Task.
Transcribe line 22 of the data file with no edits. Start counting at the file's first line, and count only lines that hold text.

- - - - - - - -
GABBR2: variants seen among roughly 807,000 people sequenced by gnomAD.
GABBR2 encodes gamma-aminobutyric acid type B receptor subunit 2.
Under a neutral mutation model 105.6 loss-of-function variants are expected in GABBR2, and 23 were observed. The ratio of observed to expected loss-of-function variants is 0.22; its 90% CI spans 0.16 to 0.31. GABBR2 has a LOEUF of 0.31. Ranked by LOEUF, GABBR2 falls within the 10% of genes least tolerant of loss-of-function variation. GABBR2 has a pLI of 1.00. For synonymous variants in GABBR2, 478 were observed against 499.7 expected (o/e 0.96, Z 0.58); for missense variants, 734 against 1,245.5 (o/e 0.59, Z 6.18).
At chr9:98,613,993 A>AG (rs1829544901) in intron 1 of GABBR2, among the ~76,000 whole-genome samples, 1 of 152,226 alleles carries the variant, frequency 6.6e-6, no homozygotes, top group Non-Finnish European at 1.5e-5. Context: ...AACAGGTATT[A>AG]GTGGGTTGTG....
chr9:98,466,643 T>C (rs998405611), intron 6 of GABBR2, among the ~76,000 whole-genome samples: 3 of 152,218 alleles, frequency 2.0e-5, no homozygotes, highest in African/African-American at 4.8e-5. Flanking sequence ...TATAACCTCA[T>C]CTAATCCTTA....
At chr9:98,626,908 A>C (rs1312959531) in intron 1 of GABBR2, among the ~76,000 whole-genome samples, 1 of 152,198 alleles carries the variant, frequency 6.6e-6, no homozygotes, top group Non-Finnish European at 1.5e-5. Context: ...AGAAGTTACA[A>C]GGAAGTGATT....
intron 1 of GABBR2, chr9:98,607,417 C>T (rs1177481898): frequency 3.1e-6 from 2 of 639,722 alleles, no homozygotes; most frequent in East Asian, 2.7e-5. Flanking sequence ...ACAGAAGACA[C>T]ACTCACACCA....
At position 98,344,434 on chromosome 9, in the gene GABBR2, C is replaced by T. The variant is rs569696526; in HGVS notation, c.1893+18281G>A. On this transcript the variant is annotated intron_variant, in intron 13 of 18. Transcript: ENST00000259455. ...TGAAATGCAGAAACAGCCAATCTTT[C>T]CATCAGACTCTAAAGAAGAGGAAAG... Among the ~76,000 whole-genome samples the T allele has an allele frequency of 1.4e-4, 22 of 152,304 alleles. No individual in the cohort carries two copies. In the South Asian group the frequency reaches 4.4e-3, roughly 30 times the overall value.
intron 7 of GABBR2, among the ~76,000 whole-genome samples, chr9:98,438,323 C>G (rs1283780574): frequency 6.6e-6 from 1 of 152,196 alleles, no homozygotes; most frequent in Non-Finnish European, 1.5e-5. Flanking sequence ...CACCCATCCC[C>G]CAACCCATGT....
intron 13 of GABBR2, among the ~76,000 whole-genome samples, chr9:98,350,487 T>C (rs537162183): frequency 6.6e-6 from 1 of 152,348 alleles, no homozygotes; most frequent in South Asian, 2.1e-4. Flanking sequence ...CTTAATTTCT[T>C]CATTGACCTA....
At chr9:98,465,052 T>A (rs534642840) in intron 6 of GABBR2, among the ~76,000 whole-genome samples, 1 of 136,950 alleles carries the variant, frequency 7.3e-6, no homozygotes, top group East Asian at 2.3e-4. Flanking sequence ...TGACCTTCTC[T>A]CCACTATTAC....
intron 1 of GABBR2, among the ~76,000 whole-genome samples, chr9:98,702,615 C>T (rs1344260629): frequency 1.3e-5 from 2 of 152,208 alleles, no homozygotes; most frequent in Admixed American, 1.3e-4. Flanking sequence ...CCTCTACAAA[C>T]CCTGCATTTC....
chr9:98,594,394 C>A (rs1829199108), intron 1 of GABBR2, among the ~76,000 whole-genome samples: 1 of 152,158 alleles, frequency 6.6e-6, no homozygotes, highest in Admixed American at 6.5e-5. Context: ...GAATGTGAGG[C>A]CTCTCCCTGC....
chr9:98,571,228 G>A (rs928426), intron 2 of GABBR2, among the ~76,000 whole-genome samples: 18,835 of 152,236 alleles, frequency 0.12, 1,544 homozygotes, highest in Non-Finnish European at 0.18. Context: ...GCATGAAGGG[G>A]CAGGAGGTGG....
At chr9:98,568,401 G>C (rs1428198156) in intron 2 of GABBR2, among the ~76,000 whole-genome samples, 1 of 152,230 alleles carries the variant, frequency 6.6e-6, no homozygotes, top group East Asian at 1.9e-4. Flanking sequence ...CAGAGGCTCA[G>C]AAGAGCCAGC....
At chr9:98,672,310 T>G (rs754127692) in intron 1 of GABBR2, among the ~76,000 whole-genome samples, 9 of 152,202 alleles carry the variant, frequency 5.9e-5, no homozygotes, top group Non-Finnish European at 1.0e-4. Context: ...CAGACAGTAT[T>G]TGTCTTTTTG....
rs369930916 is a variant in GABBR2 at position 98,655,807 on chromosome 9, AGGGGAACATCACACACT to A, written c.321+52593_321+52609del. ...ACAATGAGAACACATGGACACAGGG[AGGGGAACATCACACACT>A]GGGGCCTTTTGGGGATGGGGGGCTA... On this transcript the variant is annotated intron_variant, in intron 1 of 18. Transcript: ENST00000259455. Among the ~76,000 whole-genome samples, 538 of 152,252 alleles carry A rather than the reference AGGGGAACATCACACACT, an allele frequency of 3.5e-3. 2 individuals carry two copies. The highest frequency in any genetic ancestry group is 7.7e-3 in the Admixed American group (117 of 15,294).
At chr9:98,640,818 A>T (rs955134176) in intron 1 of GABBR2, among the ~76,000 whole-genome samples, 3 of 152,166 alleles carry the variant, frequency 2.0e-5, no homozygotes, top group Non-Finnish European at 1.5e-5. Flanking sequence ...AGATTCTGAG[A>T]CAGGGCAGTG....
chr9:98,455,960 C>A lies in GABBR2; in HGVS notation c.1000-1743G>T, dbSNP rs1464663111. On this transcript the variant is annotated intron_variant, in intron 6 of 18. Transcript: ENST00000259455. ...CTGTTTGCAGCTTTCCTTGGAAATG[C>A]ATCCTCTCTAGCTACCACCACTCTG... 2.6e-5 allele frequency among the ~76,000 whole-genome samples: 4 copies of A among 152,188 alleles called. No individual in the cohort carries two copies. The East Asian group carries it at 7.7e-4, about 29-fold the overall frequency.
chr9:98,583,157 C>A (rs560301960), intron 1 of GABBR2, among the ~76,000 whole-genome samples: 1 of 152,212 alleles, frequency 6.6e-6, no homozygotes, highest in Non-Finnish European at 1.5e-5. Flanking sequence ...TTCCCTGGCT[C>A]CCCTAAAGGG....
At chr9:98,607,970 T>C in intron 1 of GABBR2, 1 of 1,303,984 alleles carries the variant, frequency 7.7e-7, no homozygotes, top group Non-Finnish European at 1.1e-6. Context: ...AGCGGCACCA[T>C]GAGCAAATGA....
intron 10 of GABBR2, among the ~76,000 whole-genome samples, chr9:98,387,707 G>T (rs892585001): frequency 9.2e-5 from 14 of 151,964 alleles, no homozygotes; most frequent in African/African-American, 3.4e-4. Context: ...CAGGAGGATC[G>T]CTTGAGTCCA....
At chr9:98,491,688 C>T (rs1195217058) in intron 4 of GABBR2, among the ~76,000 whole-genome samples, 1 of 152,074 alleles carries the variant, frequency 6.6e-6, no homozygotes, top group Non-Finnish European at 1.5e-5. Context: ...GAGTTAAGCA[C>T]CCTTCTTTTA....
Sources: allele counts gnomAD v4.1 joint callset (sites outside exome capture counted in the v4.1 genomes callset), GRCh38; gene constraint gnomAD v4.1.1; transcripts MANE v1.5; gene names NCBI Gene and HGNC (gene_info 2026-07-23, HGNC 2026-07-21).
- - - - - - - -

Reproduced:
intron 10 of GABBR2, among the ~76,000 whole-genome samples, chr9:98,387,707 G>T (rs892585001): frequency 9.2e-5 from 14 of 151,964 alleles, no homozygotes; most frequent in African/African-American, 3.4e-4. Context: ...CAGGAGGATC[G>T]CTTGAGTCCA....